Sony hackers 'shared' stolen employee login data

Lizard Squad Image copyright Twitter/ Lizard Squad
Image caption The group uses a lizard wearing a monocle and smoking a pipe as its identifying logo

Data that helped hackers access Sony's internal network came from another group targeting the firm's gaming network, reports the Washington Post.

In an interview, a self-proclaimed Lizard Squad member said it had given stolen data to the Guardians of Peace.

The GoP has carried out several attacks on Sony in a bid to halt the release of comedy film The Interview.

By contrast, the Lizard Squad targeted Sony's PlayStation network knocking it offline on Christmas Day.

The man interviewed by the newspaper appears to be one of the two members who spoke to the BBC last week.

'Massive issues'

In the interview, the self-identified senior member of Lizard Squad said his group knew people that were part of GoP. Despite the connection, the spokesman said Lizard Squad did not play a "large part" in the attacks the GoP mounted against Sony.

GoP's attacks involved exposing confidential information about many Sony employees and sharing thousands of emails sent between employees, film stars and movie makers.

Image copyright Sony
Image caption PlayStation Network members were confronted with error messages when trying to access the online service

The Lizard Squad member said his group "handed over some Sony employee logins" that were used by GoP to get its initial attack underway. The admission is the first acknowledgement by the Lizard Squad of its connection to GoP.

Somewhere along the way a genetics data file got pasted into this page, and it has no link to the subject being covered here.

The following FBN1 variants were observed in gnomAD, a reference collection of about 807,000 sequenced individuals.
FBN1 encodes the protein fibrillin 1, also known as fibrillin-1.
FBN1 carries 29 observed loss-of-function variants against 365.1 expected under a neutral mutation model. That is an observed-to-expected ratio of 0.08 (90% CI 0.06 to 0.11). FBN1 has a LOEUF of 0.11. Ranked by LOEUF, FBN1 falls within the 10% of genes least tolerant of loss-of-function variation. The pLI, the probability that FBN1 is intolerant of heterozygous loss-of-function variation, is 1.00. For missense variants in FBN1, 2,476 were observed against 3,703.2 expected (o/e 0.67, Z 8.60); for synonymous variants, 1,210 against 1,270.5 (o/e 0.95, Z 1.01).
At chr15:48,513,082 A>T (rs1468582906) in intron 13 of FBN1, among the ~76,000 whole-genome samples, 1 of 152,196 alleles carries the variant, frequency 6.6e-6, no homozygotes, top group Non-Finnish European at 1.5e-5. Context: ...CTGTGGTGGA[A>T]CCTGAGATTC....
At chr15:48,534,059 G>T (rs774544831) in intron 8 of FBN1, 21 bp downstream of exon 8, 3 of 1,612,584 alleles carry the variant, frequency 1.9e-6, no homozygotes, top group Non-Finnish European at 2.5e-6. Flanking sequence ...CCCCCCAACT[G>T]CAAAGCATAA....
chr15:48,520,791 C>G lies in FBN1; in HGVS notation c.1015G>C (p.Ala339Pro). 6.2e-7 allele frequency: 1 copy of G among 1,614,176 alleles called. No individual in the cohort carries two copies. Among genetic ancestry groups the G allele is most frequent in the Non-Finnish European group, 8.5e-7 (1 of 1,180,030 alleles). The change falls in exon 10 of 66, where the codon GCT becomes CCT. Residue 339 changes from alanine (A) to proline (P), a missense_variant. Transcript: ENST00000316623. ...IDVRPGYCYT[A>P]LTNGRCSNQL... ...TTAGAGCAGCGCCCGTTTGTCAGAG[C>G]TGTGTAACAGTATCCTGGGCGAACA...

The information throws some doubt on the theory that North Korea was behind the attacks on Sony's internal systems. The state was accused of being behind the hack by the FBI because The Interview is about a fictional American plot to kill North Korean leader Kim Jong-un, and Pyongyang has filed formal complaints about the film.

However, the Reuters news agency has reported that US investigators are exploring whether North Korea "contracted out" some of the work involved, which could explain how Lizard Squad formed links to GoP.


Lizard Squad members are all based in European nations, said the senior member.

The GoP attacks forced Sony to withdraw the film from its planned release, but it is now available to view online and is on show at some cinemas. It made about $15m (£9.6m) through downloads alone over its first three days of distribution.

Image copyright Getty Images
Image caption The Interview has had a more limited cinema release than originally planned

The Lizard Squad spokesperson did not elaborate on how the group got hold of the login information for Sony employees. However, it is possible it found or uncovered them while searching for ways to attack the PlayStation gaming network.

The Lizard Squad has repeatedly attacked Sony's network and many others during 2014. On Christmas Day it managed to disrupt it and the Xbox Live network for hours leaving many gamers unable to log in.

The spokesperson said the attacks were carried out to expose the "massive security issues" many large companies suffer.

"The customers of these companies should be rather worried," they said.

The attacks on the PlayStation and Xbox networks have now stopped thanks to the intervention of tech entrepreneur Kim Dotcom. Instead, the group has switched its attention to the Tor network which has taken steps to limit the effect the Lizard Squad can have on the system.

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